One Christmas, I drew my mother’s family tree as a present for her six brothers and sisters. The lines crossing across the poster board slowly began to weave the story of my family. I marked births. I marked funerals. I marked weddings. I marked divorces.
Like most families, the Shelton clan has had its ups and downs. There were times I felt like the lines connecting us would break, but even weakened lines grew bold when called upon to help in times of trouble. There was one defining truth staring up from the page: none of us were alone.
I grew up knowing that I am a small part of a larger social network, although not in those terms. After my parents divorced, my mom and I lived with my Aunt Nellie and Uncle Clint for a few years. Our house was sandwiched between my cousins on one side and my Uncle Jimmy and Aunt Becky on the other. I had another aunt and uncle that lived down the road. Most of my family, in fact, lived within biking distance.
Sometimes I found this familial closeness annoying. Looking back, however, I know how blessed I was to have these experiences. There was nothing that better prepared me to be a contributing member of society than first learning how I fit within my family.
Manners, and the respect they show others, were some of the first lessons I learned as a child. I’ll never forget my Aunt Nellie’s horror when, at 5 years old, I couldn’t hold my fork correctly at a family dinner.
The next day she marched into the living room, turned off Barney, and asked me to join her at the table. No child in our family would have improper table manners, she declared.
At the table, she’d laid out a formal place setting. She lectured about the differences in a salad fork and a dinner fork while I practiced using the cutlery for different types of foods.
I don’t remember how long we sat at the table, but I do remember Aunt Nellie made such mundane things fascinating. I was riveted. I also remember my Aunt’s most important lesson that day: my behavior reflected on more than myself.
In a world focused on the individual, my family taught me that the things I said and did represented the way I was raised, the values I’d been taught, and the respect or lack of respect I had for other people. This was a lesson that repeated itself throughout my life.
Sometimes making the right choice was inconvenient or didn’t benefit me. Like most children, I’d often drag my feet when making one of these harder choices. My mother, however, always seemed to glide right through them.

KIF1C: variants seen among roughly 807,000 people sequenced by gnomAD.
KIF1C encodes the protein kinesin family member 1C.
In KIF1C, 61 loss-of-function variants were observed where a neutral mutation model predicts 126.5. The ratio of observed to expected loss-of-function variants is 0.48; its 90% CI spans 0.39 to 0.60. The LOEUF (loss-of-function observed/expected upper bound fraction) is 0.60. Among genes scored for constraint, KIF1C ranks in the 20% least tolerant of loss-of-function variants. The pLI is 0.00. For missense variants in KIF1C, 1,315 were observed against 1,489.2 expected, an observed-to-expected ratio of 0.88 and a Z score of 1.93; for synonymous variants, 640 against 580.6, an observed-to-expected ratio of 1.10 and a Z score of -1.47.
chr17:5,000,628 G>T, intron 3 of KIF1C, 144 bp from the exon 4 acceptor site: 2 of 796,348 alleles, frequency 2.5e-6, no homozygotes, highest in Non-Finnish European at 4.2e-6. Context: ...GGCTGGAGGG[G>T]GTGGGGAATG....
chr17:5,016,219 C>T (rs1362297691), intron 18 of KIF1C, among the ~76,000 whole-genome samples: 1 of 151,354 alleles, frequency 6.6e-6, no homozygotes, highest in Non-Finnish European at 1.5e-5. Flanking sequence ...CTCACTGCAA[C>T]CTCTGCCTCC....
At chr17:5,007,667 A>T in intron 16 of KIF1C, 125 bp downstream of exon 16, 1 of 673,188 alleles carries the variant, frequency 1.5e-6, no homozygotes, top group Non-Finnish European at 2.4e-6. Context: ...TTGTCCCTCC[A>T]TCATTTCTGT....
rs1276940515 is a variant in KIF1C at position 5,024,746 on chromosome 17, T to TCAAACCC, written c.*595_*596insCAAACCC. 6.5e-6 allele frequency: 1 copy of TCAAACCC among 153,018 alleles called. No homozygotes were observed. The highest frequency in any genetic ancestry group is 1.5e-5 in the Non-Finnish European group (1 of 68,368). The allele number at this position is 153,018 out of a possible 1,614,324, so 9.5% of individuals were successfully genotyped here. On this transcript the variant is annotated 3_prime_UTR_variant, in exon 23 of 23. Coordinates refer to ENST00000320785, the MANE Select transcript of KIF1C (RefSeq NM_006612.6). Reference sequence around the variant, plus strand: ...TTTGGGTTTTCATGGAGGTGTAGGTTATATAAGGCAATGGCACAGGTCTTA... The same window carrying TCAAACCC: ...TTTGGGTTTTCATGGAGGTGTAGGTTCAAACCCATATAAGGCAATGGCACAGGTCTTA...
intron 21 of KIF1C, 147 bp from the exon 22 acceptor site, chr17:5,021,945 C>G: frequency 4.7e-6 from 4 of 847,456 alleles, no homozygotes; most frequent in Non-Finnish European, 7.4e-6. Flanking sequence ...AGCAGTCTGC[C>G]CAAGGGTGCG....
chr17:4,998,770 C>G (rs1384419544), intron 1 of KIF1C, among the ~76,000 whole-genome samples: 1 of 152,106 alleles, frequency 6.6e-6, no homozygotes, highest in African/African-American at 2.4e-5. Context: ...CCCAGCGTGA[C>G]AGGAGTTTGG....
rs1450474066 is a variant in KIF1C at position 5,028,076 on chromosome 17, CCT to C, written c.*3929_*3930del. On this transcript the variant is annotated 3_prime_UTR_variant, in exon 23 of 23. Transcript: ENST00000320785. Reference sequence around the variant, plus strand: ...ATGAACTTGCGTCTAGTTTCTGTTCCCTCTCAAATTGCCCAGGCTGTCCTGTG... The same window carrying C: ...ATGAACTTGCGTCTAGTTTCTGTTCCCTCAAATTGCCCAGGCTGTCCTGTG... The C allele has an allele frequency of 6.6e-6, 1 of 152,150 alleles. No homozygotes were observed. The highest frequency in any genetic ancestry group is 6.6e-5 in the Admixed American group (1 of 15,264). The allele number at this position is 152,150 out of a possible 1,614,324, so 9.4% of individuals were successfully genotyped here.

I asked her once how she did it, and she said, “It’s not inconvenient if it means caring for each other.”
Many in my family are quick to act when there is someone in need. My aunts cook meals for the sick. My cousins volunteer to help with weddings and graduations. Several people have even coordinated funerals or given up parts of their home so the grieving can focus on saying goodbye. I’ll personally never forget the army of aunts and cousins that showed up at my first house with brooms, bleach and paint to turn that little yellow cottage into a home.
During this pandemic, my family has banded together to protect our most vulnerable. We wear masks almost religiously, make errand runs, and, most importantly, we found ways to stay connected. I’ve spoken to my cousins more in the last few months than we have in years. While we often disagree with the politics surrounding the pandemic, we put those differences aside in favor of caring for each other as the world around us changes.
When I originally decided to write about community responsibility, I planned to talk about my time living abroad, but it didn’t seem right to look beyond our borders at this time. The United States is in a period of growth. The pandemic, social movements, and coming elections will all play a part in shaping our national identity.
Before we learn from other countries, I firmly believe we must learn from our past, so I looked at my own. There in the memories of my family, I found that we Americans were already rooted in the idea of community.
Just like my family tree connects a hundred individuals into a larger story, branches of our community connect each of us, reminding us that we are truly never alone. Maybe it’s time that we all look back at our pasts to find these connections and value each other once more.
Ame T. Posey is a correspondent for The Pine Belt News.